Exaggerated and seemingly outlandish predictions and forecasts about asset prices abound all over the internet, and even the mainstream of money managers and the financial news. Gold is no exception to this reality that affects all sorts of financial endeavors, from investing to trading to estate planning.
However, a respected voice who is entrenched in the financial markets believes gold should be valued between $5,000 and $6,000 per ounce right now!
This statement was not made by a gold bug or otherwise unknown pundit. Rather, it was uttered by Terry Duffy, the chief executive of CME Group, which operates the Chicago Mercantile Exchange, the parent organization that administers the COMEX or U.S.-based global commodities exchange.
One imagines Mr. Duffy's occupation gives him some knowledge of how asset prices, trading, and general market dynamics work. He has been the CME chairman for the past 15 years.
While speaking to an interviewer on Fox Business, Duffy explained his rationale for this bold comment that to most sounds prima facie outlandish. This is especially true given gold is current trading below $1,300/oz. This would be a fourfold increase, or +300%. Such gains over any short-term time horizon would be nearly unprecedented.
But Duffy believes that interest-rate policy and the underlying uncertainty therewith isn't adequately being baked-in to market valuations of risk. He said that the Fed has "confused the markets" and would do well to be clearer on its intentions: Will they normalize rates quickly now that unemployment has hit its targets, and inflation has remained so low? Or, will the Fed hold back on hiking rates and paying down its balance sheet in order to let markets overheat a bit more?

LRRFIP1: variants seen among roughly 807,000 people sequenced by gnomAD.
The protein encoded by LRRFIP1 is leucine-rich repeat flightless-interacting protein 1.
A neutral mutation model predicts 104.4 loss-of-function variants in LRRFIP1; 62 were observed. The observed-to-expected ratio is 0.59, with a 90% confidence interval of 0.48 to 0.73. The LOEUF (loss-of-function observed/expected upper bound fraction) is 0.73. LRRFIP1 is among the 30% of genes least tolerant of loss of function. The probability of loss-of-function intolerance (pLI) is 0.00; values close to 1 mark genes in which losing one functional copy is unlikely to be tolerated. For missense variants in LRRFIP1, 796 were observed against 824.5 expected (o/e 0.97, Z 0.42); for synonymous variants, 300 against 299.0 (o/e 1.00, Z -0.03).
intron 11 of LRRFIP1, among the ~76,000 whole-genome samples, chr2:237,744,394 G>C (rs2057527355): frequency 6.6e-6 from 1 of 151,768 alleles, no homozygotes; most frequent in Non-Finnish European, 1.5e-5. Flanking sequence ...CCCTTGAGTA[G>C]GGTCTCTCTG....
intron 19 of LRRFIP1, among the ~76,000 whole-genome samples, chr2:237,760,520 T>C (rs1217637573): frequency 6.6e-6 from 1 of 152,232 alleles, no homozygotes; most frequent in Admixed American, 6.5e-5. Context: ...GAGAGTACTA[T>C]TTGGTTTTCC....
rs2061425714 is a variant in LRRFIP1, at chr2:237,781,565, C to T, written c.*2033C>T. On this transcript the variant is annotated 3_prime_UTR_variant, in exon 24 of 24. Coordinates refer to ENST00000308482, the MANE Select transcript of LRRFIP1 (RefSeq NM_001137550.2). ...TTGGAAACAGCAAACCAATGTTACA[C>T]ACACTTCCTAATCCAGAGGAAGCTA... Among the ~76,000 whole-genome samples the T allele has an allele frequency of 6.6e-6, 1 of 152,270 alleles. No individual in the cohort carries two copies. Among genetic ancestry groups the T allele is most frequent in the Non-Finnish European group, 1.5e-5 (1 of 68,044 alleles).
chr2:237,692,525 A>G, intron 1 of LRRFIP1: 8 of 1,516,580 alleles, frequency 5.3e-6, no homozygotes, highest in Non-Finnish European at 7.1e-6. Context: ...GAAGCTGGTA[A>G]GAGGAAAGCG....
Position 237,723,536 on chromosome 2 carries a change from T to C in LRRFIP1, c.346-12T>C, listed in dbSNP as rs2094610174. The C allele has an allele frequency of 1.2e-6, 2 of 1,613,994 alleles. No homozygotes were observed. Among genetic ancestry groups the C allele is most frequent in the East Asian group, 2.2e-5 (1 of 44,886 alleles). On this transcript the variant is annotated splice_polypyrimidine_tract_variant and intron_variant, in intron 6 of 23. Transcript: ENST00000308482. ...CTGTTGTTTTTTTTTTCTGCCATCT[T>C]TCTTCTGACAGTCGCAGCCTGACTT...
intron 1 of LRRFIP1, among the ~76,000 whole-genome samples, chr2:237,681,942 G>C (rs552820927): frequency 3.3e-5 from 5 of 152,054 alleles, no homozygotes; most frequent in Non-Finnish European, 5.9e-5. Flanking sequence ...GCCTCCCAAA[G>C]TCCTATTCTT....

Based just on inflation over the past three decades alone, Mr. Duffy suggested that gold would be "$2,000 to $3,000 an ounce"; he went on to say that desensitization to the 21st-century news cycle has made markets less conscious of risk. Thus, with "what's gone on with the world" of unprecedented size, scale, and uncertainty, he thinks gold even ought to be $5,000 to $6,000.
While prices are likely to remain suppressed, it only takes one spark for Duffy's hypothetical to begin to resemble reality. So if another financial bubble pops anywhere—once the first domino falls—safe-haven demand for gold could explode. Remember that the last financial crisis really did start with one thread being pulled and a chain reaction causing the entire system to near the brink of economic depression. When that happens, you're going to want to hold precious metals rather than having all your wealth tied up in dollar, stocks, and bonds.
Moreover, the manager of the world's largest hedge fund, Ray Dalio of Bridgewater Associates, says gold prices are going up due to the rising risks that could impact other asset classes.
The opinions and forecasts herein are provided solely for informational purposes, and should not be used or construed as an offer, solicitation, or recommendation to buy or sell any product.